CLP Re:Freshers : The Story So Far


After an invigorating and thought provoking array of 22 ninety second speeches at Wednesday night’s drinks reception – listen via the Audioboo box here – the Wellcome Collection opened its doors to a swarm of leadership talent on Thursday morning for the first of two packed days of events and the conference centre has been buzzing ever since.

In Keynotes for the 21st Century Dr Nina Smith invited three wildly different cultural leaders to present their stories and views on the road ahead. Writer and journalist Gary Younge asked of the phrase cultural leadership “whose culture, how to lead and where?”, and discussed political correctness and tokenism. Musician and businessman Feargal Sharkey discussed mavericks, describing the UK music industry as one of the most entrepreneurial organisations in the world. Sarah Weir, Head of Arts and Cultural Strategy at Olympic Delivery Authority, focused on positivity, not giving in to the doom and gloom and being clear about what you want. “If you’re not quite sure when times are difficult – leave it.”

Feargal Sharkey’s Keynote:

Journeys & Discoveries brought Paul Boateng, Clayton Shaw, Padma Rao, Paul Gladstone Reid and Sol B River together to lead a discussion on support, celebration, a proper understanding of globalisation and working on having a mindset that’s fit for purpose. Rao asked “how do you mix primary colours to get multiple shades out of them?” and “how tuned in are you with your strengths?”, suggesting people consider what narratives they want people to remember. Gladstone Reid discussed the marriage of the cultural with the commercial, the idea that artists can have their feet firmly on the ground and have potent imagination at the same time. River gave the artist’s perspective, telling of his shift in to trying to make his career more sustainable by starting to look at policy and leadership. His photograph of Obama shaking a policeman’s hand on his way in to Downing Street has been very important to him:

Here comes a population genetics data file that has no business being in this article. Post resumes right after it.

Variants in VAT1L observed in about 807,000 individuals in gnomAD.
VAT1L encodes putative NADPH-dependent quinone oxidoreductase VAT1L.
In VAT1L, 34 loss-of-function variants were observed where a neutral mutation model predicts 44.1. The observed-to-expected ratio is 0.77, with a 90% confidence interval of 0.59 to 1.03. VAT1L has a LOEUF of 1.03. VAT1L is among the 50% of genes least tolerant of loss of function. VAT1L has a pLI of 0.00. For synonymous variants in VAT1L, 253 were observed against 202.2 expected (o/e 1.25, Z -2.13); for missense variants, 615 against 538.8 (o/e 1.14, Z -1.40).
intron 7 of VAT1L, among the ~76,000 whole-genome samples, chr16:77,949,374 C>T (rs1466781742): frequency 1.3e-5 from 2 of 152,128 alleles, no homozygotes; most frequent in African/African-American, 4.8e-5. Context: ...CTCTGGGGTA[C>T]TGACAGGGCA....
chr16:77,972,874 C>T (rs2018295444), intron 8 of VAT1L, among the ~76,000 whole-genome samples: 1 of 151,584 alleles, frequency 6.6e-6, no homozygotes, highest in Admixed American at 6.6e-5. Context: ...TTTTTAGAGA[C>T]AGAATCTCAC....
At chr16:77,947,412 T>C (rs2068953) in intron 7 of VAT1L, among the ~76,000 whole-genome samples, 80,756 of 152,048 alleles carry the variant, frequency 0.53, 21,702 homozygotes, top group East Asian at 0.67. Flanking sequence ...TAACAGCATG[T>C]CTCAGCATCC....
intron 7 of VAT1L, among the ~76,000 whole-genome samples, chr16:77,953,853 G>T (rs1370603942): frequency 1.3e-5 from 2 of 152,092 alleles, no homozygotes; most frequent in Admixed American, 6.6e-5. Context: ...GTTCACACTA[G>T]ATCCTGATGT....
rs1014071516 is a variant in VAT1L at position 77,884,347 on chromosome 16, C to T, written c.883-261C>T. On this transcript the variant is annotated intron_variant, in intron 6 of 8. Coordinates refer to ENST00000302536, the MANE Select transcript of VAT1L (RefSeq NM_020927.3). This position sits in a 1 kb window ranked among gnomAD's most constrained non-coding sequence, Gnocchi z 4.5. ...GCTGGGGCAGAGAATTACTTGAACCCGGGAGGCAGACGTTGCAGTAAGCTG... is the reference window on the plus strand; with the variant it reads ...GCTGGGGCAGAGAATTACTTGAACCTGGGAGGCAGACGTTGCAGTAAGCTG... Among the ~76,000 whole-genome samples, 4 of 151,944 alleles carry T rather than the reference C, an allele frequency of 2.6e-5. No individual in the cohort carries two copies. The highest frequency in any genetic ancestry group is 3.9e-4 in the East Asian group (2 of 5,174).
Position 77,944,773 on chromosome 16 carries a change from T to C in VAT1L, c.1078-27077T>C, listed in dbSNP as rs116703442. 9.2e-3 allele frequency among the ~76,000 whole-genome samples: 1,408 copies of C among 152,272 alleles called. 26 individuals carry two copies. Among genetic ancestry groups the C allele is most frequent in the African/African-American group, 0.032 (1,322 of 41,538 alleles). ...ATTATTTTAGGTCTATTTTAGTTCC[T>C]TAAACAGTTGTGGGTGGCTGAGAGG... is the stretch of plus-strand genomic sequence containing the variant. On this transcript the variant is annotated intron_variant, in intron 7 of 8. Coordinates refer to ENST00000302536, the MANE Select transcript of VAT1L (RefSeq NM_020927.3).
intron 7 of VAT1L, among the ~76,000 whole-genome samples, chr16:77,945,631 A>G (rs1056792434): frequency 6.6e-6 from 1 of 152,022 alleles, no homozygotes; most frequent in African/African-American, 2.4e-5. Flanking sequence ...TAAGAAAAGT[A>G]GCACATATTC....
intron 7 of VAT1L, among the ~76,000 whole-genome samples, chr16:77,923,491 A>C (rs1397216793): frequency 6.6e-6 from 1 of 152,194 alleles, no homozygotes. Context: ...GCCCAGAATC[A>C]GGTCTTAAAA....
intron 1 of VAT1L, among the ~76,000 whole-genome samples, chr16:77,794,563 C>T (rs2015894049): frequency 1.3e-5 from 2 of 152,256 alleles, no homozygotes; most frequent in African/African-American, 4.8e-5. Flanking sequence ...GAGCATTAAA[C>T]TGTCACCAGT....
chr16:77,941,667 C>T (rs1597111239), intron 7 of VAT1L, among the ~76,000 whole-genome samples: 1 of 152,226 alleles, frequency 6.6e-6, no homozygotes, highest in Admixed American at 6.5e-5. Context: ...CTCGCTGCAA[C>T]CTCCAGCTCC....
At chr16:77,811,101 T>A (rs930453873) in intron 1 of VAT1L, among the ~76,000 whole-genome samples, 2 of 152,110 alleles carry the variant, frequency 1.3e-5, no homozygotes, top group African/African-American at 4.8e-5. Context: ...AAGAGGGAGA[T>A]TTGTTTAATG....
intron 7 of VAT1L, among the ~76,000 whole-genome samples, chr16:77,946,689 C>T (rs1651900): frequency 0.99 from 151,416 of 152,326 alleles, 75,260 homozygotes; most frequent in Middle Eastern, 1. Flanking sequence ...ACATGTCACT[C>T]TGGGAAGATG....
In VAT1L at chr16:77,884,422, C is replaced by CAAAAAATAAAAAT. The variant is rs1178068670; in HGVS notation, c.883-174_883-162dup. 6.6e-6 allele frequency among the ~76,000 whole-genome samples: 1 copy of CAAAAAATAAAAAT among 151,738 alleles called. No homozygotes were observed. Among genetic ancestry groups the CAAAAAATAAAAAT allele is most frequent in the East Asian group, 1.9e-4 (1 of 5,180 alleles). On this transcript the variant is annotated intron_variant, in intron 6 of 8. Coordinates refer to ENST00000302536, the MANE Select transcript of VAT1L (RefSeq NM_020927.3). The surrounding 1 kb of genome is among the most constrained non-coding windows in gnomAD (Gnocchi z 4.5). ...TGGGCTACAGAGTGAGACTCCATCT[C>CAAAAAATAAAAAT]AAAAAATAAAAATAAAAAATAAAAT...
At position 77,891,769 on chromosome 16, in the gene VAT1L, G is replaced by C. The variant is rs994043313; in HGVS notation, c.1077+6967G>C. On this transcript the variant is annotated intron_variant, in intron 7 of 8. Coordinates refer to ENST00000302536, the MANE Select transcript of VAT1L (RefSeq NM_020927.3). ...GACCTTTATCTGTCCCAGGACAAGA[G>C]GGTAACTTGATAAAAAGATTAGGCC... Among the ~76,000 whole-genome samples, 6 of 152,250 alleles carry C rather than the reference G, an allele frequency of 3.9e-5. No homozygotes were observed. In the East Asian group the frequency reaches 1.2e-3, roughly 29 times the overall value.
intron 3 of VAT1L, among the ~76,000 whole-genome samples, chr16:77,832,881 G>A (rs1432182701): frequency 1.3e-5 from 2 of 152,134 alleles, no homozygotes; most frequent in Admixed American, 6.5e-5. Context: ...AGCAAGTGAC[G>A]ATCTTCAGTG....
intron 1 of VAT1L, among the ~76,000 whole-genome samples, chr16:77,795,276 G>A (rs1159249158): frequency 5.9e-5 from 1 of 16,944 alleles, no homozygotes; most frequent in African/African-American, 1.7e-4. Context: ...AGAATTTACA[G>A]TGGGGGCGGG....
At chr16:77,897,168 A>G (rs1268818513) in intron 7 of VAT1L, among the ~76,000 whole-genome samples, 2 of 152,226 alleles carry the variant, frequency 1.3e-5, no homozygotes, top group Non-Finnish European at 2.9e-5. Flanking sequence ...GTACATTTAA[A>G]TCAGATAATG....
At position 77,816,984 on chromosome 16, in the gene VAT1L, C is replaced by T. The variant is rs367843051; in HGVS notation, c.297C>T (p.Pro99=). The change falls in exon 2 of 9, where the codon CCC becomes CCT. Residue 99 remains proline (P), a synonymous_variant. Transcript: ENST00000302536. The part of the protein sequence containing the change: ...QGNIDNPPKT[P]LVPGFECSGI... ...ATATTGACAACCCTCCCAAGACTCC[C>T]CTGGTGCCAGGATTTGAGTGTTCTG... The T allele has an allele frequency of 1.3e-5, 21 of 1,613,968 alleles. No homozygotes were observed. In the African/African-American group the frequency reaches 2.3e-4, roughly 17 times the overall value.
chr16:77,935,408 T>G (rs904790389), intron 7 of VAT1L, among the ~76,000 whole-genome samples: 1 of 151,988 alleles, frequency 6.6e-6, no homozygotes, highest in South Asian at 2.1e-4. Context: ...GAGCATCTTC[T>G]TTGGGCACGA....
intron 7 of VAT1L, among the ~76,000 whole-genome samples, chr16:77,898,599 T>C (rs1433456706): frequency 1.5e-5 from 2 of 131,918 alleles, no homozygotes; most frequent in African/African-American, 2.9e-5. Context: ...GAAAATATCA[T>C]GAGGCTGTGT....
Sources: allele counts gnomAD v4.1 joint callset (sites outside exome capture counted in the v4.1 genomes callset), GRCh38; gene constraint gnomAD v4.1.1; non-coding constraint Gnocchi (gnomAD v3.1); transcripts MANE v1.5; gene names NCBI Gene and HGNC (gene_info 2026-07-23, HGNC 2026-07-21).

Boateng introduced an old African saying – “it’s each and every feather that makes the eagle fly”, and talked of his struggle against being a silhouette – “a black one dimensional cardboard cut out” – and of the importance of understanding globalisation and building resilience. “Managing diversity isn’t an optional extra, it’s an absolute imperative.”

Here’s a live blog recording of the Journeys and Discoveries session:

Leadership Emerging From Practice was a sparkling “in conversation” with Helen Carnac, Nina Edge, Kate Fox and David Jubb, discussing the trials, tribulations and successes of artist practitioners ‘embedded’ in arts organisations. Edge spoke of her experience at FACT where curators looked at 20 years of work – “there’s an aspect of leading accidentally that emerged”. Carnac talked about collaboration and “making in society”. Her placement at Craftspace was a very reflective one, bringing makers together to lead from practice. She emphasised the importance of sharing, “the placements need to be a two way conversation.”

So far this week there has been much mention of austerity, cuts, uncertainty, doom and gloom but the focus is on the need for resilience, innovation and creativity. The buzzing networking events and enthusiastic group discussions on the subjects of diversity, celebration and resilience place importance on sticking together, collaborating and thinking creatively.

Meanwhile the Amplified team have been talking people through the brand new, free and easy to use CLP Network: a place for alumni to connect, discuss and potentially collaborate. After Re:Freshers Week some of the content we’ve gathered will appear in the network to encourage future discussions on the wealth of ideas and information that was covered, but for now you can explore it all on the CLP re:freshers 2010 page in words, audio, photos and video.

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